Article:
Cosplay is serious business for Korea’s Spiral Cats

July 11, 2014

Tasha, left, as Nidalee from League of Legends, and Doremi as Ari at L.A. Anime Expo. (Courtesy of Spiral Cats)

Spiral Cats' Tasha and Doremi. (Courtesy of Anime Expo)

Spiral Cats’ Tasha and Doremi. (Courtesy of Anime Expo)

By Tae Hong

When it comes to cosplay in South Korea, the Spiral Cats are the team you need to know.

“We’re the top team,” Tasha, its leader, joked. “There’s lots of cosplayers running after us, so we’re staying vigilant.”

Tasha and Doremi — each 28 and 23 years old, respectively, and named Oh Go-eun and Lee Hye-min — are the two permanent members of the country’s top professional cosplay team who arrived in Los Angeles for the first time as special guests for this year’s L.A. Anime Expo held in downtown.

Many from the tens-of-thousands-strong crowd gathered to see the two Cats members at a panel, Q&A and photo session at the event, some of them colorful displays of their own of characters from a wide array of fandoms.

Cosplay, an amalgamation of “costume play,” started as a hobby for anime and game enthusiasts but has since spread into a worldwide phenomenon. It’s more than a dress-up game: Amateur cosplayers come out in droves to events like the expo, while groups like the Spiral Cats, which started in 2009 as an amateur group but which announced its transition to the professional level in 2012, are profitable business models.

As professionals, cosplaying is a full-time job — Tasha calls costume playing an “all in.”

Tasha and Doremi, along with about 10 changing members, work as promoters and models for game and animation companies, most notably as League of Legends cosplayers.

“Korea is a country that has a very developed game culture,” Tasha said. “The domestic game market is very competitive. The number of companies that use cosplayers to promote newly launched games have increased.”

Make no mistake, though — cosplay culture is still unfamiliar to most Koreans. Doremi said what fascinated her about visiting L.A. was seeing so many casual cosplayers walking around on the streets, in the open.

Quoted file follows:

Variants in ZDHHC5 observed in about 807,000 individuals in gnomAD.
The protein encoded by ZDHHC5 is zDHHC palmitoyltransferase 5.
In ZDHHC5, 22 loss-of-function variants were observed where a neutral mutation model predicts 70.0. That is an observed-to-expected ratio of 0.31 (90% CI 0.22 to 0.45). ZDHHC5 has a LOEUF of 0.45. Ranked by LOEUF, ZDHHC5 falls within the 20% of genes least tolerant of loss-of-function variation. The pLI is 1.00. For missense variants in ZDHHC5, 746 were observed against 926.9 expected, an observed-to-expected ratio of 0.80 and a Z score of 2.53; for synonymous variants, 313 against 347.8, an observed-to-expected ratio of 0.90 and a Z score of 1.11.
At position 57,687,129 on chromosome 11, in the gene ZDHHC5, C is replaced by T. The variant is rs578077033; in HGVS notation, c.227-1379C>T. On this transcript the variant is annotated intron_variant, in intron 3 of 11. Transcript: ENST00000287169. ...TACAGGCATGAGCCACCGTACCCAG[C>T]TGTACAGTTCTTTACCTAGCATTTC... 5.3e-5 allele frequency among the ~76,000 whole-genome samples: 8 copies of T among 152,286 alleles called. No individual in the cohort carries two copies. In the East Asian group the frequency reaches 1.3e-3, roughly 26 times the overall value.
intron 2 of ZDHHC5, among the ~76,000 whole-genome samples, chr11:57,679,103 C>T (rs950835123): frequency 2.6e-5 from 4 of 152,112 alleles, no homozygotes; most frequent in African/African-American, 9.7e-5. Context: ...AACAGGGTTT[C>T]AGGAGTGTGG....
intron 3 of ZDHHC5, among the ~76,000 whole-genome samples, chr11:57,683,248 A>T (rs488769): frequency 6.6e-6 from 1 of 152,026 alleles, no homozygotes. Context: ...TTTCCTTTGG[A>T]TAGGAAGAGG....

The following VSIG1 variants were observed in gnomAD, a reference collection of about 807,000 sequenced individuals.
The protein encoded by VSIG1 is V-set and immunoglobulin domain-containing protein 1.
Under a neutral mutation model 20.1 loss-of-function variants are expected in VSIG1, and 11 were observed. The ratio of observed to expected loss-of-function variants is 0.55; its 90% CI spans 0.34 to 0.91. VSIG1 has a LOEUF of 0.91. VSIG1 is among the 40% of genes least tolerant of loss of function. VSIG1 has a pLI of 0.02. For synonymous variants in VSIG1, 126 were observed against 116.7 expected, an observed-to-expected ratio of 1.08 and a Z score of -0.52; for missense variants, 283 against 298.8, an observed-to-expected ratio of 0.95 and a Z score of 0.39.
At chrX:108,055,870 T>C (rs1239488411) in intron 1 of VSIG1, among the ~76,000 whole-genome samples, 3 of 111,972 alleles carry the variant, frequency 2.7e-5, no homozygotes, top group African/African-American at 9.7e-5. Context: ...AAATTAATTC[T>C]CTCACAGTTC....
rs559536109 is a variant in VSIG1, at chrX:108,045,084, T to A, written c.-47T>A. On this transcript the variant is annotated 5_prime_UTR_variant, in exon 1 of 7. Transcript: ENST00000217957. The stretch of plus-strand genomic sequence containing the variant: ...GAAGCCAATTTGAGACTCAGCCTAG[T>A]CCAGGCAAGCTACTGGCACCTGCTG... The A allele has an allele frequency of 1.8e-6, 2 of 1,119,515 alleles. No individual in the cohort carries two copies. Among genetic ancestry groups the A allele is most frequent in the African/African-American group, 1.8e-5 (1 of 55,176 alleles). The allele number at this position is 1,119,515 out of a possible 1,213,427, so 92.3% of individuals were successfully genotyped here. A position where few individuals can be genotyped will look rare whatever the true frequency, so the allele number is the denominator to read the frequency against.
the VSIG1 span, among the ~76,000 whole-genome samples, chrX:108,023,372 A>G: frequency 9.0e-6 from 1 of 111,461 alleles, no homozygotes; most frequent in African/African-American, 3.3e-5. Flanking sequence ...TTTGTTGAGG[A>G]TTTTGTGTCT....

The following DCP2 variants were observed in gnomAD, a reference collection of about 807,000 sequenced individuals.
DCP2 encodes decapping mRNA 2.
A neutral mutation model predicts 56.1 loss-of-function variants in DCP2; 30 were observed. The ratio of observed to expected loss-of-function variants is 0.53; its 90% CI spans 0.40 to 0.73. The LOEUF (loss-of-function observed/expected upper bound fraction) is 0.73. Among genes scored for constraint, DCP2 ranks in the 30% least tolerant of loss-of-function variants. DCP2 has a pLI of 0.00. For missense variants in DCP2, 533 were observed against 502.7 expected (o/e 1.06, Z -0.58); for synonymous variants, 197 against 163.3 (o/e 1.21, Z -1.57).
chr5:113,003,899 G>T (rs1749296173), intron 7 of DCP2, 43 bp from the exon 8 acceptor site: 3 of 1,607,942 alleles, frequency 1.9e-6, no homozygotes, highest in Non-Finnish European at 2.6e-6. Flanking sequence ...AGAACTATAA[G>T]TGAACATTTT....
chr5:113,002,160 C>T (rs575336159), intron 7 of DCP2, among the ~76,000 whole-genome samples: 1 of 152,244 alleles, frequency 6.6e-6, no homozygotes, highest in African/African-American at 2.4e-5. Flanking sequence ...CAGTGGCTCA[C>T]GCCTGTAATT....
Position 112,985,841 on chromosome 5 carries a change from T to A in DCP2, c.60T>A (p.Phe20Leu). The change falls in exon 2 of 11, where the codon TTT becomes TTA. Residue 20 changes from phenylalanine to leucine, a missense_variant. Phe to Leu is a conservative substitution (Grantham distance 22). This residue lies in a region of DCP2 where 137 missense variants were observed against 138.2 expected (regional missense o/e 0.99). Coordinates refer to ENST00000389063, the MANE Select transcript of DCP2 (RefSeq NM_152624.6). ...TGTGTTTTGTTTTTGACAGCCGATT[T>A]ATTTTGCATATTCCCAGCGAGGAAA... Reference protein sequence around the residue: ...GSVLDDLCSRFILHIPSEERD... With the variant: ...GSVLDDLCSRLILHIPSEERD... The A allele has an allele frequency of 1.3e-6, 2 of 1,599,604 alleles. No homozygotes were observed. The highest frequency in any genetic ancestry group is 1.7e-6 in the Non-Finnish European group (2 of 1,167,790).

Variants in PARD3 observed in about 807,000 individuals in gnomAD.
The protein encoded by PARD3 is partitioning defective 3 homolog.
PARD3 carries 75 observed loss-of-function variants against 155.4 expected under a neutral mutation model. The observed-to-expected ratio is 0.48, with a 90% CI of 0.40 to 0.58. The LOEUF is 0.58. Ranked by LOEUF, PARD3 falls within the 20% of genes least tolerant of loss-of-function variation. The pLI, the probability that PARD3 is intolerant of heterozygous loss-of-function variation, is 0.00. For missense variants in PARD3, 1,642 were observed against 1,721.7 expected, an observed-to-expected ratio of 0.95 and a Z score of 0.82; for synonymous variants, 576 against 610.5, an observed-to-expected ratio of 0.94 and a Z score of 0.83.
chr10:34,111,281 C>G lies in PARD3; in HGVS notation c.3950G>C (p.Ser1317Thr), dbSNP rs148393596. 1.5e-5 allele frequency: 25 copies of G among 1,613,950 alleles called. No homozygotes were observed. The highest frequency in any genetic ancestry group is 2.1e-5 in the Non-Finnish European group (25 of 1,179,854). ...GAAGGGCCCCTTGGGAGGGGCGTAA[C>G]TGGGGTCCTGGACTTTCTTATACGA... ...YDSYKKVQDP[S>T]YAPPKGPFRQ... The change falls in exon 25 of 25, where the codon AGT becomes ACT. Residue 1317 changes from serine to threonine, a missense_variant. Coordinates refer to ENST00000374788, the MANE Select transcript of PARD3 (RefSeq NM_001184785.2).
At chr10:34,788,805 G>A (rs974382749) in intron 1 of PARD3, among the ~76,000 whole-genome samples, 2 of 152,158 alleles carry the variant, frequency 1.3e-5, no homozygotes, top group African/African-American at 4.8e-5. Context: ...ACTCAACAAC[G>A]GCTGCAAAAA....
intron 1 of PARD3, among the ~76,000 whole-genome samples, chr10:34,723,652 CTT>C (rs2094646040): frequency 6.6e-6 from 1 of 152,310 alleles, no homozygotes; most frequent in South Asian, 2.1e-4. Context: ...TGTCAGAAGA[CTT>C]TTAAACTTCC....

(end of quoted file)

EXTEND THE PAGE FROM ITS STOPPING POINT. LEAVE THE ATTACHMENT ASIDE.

Convention attendees usually pack their costumes at home and change into them when they arrive at the convention in Korea, Tasha said. Traveling while in cosplay is seen as a form of public harm, and there are only certain spaces where people can enjoy cosplay.

“As Spiral Cats became pro and as we appear on major broadcast stations like KBS, people see that cosplayers are game models and think, ‘Cosplay, that’s all right.’ So views are changing a lot,” Tasha said.

“There is still a sense of, ‘What is that?’ But now, they’re becoming more and more used to seeing us and identifying us as cosplayers. It’s developing,” Doremi agreed.

Spiral Cats began as a venture by a group of co-workers at a game development company, where Tasha worked as a graphic designer for backgrounds and 3D effects. She’s been with the team from the beginning, while Doremi is a recruit who has been a member for two years.

Both have similar stories when it comes to their initial interest in cosplay. For Tasha, it was attending an anime convention as a middle schooler and her parents’ subsequent support — mom with the sewing, dad with the camera — that did it. For Doremi, it was joining a cosplay club in middle school and learning how to shop for and make homemade costumes with her classmates.

What started as a hobby has now, of course, led to this career.

“When you’re an amateur cosplayer, you do it for fun and for personal enjoyment, to be happy,” Tasha said. “It’s not that doing it as a pro isn’t fun, but for amateurs, everything is OK if you yourself are satisfied with a cosplay. When you’re a pro, everyone has to be satisfied for it to be OK. That others look at you and think that it’s good — that’s the value investors find in commissioning us jobs.”

That’s fair, considering the group books big-name clients like Nexon, Neowiz Games, NCSOFT, Blizzard Entertainment and Riot Games, as well as smaller companies and mobile game developers.

They still make about 80 percent of their own costumes through roles designated for each cosplayer, which ranges from pattern finder to accessory maker and material gatherer.

After the Spiral Cats’ professional success, more and more cosplay teams are emerging in Korea, Tasha said. Meanwhile, the Spiral Cats have expanded to clients in the Philippines and China.

“Although the Korean market is big, there’s a lot of competitors cropping up, so we do feel the need to expand ourselves,” Tasha said.

So what’s next for the Spiral Cats? She and Doremi will be supporting characters in a KBS children’s drama, set to air this year, and plan to attend more overseas events.


One Comment

  1. lighthammer

    July 12, 2014 at 9:59 AM

    Lion Games is not. Riot Games is Right. Please Modify the Company name.